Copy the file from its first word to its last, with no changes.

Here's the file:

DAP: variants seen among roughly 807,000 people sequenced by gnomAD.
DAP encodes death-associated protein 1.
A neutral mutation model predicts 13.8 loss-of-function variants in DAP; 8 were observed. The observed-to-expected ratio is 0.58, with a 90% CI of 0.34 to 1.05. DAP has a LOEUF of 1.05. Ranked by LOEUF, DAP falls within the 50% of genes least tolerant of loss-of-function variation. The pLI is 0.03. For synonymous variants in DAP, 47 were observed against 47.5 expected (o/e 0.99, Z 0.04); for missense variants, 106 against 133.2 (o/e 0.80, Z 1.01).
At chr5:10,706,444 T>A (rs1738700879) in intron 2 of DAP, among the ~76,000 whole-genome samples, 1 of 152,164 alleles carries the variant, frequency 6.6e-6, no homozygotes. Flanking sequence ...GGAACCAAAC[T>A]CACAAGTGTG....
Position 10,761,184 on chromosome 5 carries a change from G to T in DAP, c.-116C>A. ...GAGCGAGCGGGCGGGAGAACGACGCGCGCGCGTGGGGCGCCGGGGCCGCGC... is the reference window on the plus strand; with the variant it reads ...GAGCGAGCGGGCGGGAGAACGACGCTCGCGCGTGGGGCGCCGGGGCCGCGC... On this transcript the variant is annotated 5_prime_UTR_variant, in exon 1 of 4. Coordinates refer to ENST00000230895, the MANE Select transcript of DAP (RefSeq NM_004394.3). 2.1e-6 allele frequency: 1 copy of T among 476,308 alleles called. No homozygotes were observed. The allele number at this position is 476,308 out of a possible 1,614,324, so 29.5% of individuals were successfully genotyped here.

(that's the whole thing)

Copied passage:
DAP: variants seen among roughly 807,000 people sequenced by gnomAD.
DAP encodes death-associated protein 1.
A neutral mutation model predicts 13.8 loss-of-function variants in DAP; 8 were observed. The observed-to-expected ratio is 0.58, with a 90% CI of 0.34 to 1.05. DAP has a LOEUF of 1.05. Ranked by LOEUF, DAP falls within the 50% of genes least tolerant of loss-of-function variation. The pLI is 0.03. For synonymous variants in DAP, 47 were observed against 47.5 expected (o/e 0.99, Z 0.04); for missense variants, 106 against 133.2 (o/e 0.80, Z 1.01).
At chr5:10,706,444 T>A (rs1738700879) in intron 2 of DAP, among the ~76,000 whole-genome samples, 1 of 152,164 alleles carries the variant, frequency 6.6e-6, no homozygotes. Flanking sequence ...GGAACCAAAC[T>A]CACAAGTGTG....
Position 10,761,184 on chromosome 5 carries a change from G to T in DAP, c.-116C>A. ...GAGCGAGCGGGCGGGAGAACGACGCGCGCGCGTGGGGCGCCGGGGCCGCGC... is the reference window on the plus strand; with the variant it reads ...GAGCGAGCGGGCGGGAGAACGACGCTCGCGCGTGGGGCGCCGGGGCCGCGC... On this transcript the variant is annotated 5_prime_UTR_variant, in exon 1 of 4. Coordinates refer to ENST00000230895, the MANE Select transcript of DAP (RefSeq NM_004394.3). 2.1e-6 allele frequency: 1 copy of T among 476,308 alleles called. No homozygotes were observed. The allele number at this position is 476,308 out of a possible 1,614,324, so 29.5% of individuals were successfully genotyped here.